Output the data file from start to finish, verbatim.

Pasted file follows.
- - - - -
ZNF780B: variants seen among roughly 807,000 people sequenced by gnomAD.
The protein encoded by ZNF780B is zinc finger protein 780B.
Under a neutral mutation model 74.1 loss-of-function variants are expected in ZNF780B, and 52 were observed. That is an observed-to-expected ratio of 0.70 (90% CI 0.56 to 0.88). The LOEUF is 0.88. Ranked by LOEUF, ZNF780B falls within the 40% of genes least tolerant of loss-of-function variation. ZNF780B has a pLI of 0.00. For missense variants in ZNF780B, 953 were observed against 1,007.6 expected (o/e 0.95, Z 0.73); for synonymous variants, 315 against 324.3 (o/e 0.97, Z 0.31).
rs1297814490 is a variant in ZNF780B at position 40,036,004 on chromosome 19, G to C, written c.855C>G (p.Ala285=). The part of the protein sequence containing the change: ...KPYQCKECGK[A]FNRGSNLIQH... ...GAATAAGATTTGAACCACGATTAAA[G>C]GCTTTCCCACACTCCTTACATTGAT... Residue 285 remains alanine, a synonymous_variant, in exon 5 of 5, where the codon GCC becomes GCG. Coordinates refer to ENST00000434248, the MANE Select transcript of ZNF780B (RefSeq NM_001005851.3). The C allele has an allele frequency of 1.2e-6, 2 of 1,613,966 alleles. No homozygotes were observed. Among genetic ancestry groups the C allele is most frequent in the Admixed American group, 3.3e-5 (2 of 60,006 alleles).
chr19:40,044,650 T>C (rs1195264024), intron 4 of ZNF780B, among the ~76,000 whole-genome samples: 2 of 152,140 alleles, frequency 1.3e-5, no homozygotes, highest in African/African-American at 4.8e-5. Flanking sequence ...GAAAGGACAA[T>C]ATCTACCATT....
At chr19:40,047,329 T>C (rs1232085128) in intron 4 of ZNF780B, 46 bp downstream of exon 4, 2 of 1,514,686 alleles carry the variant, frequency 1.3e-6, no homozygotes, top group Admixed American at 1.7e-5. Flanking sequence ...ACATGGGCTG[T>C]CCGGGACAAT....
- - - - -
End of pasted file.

ZNF780B: variants seen among roughly 807,000 people sequenced by gnomAD.
The protein encoded by ZNF780B is zinc finger protein 780B.
Under a neutral mutation model 74.1 loss-of-function variants are expected in ZNF780B, and 52 were observed. That is an observed-to-expected ratio of 0.70 (90% CI 0.56 to 0.88). The LOEUF is 0.88. Ranked by LOEUF, ZNF780B falls within the 40% of genes least tolerant of loss-of-function variation. ZNF780B has a pLI of 0.00. For missense variants in ZNF780B, 953 were observed against 1,007.6 expected (o/e 0.95, Z 0.73); for synonymous variants, 315 against 324.3 (o/e 0.97, Z 0.31).
rs1297814490 is a variant in ZNF780B at position 40,036,004 on chromosome 19, G to C, written c.855C>G (p.Ala285=). The part of the protein sequence containing the change: ...KPYQCKECGK[A]FNRGSNLIQH... ...GAATAAGATTTGAACCACGATTAAA[G>C]GCTTTCCCACACTCCTTACATTGAT... Residue 285 remains alanine, a synonymous_variant, in exon 5 of 5, where the codon GCC becomes GCG. Coordinates refer to ENST00000434248, the MANE Select transcript of ZNF780B (RefSeq NM_001005851.3). The C allele has an allele frequency of 1.2e-6, 2 of 1,613,966 alleles. No homozygotes were observed. Among genetic ancestry groups the C allele is most frequent in the Admixed American group, 3.3e-5 (2 of 60,006 alleles).
chr19:40,044,650 T>C (rs1195264024), intron 4 of ZNF780B, among the ~76,000 whole-genome samples: 2 of 152,140 alleles, frequency 1.3e-5, no homozygotes, highest in African/African-American at 4.8e-5. Flanking sequence ...GAAAGGACAA[T>C]ATCTACCATT....
At chr19:40,047,329 T>C (rs1232085128) in intron 4 of ZNF780B, 46 bp downstream of exon 4, 2 of 1,514,686 alleles carry the variant, frequency 1.3e-6, no homozygotes, top group Admixed American at 1.7e-5. Flanking sequence ...ACATGGGCTG[T>C]CCGGGACAAT....